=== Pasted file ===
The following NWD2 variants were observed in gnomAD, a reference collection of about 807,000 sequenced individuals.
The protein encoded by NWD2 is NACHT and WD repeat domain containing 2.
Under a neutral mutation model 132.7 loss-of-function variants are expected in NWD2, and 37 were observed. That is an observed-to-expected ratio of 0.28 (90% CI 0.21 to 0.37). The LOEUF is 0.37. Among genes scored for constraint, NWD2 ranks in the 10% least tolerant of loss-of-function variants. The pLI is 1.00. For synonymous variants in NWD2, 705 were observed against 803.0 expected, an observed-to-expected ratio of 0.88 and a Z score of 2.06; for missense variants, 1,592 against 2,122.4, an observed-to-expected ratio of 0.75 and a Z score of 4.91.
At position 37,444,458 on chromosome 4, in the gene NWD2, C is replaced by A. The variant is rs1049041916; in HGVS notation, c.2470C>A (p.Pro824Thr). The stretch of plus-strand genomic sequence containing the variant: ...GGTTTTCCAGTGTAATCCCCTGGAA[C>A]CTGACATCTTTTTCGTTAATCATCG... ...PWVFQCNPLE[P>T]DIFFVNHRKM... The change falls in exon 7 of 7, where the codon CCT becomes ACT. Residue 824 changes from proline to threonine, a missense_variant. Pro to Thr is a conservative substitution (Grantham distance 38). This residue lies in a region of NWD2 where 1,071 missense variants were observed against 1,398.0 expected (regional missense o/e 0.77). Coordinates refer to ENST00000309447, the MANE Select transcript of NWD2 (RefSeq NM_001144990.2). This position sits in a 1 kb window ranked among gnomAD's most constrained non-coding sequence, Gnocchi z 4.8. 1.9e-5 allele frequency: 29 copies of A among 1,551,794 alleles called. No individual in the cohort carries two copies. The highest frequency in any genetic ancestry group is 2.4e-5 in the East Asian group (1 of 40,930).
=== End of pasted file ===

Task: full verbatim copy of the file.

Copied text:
The following NWD2 variants were observed in gnomAD, a reference collection of about 807,000 sequenced individuals.
The protein encoded by NWD2 is NACHT and WD repeat domain containing 2.
Under a neutral mutation model 132.7 loss-of-function variants are expected in NWD2, and 37 were observed. That is an observed-to-expected ratio of 0.28 (90% CI 0.21 to 0.37). The LOEUF is 0.37. Among genes scored for constraint, NWD2 ranks in the 10% least tolerant of loss-of-function variants. The pLI is 1.00. For synonymous variants in NWD2, 705 were observed against 803.0 expected, an observed-to-expected ratio of 0.88 and a Z score of 2.06; for missense variants, 1,592 against 2,122.4, an observed-to-expected ratio of 0.75 and a Z score of 4.91.
At position 37,444,458 on chromosome 4, in the gene NWD2, C is replaced by A. The variant is rs1049041916; in HGVS notation, c.2470C>A (p.Pro824Thr). The stretch of plus-strand genomic sequence containing the variant: ...GGTTTTCCAGTGTAATCCCCTGGAA[C>A]CTGACATCTTTTTCGTTAATCATCG... ...PWVFQCNPLE[P>T]DIFFVNHRKM... The change falls in exon 7 of 7, where the codon CCT becomes ACT. Residue 824 changes from proline to threonine, a missense_variant. Pro to Thr is a conservative substitution (Grantham distance 38). This residue lies in a region of NWD2 where 1,071 missense variants were observed against 1,398.0 expected (regional missense o/e 0.77). Coordinates refer to ENST00000309447, the MANE Select transcript of NWD2 (RefSeq NM_001144990.2). This position sits in a 1 kb window ranked among gnomAD's most constrained non-coding sequence, Gnocchi z 4.8. 1.9e-5 allele frequency: 29 copies of A among 1,551,794 alleles called. No individual in the cohort carries two copies. The highest frequency in any genetic ancestry group is 2.4e-5 in the East Asian group (1 of 40,930).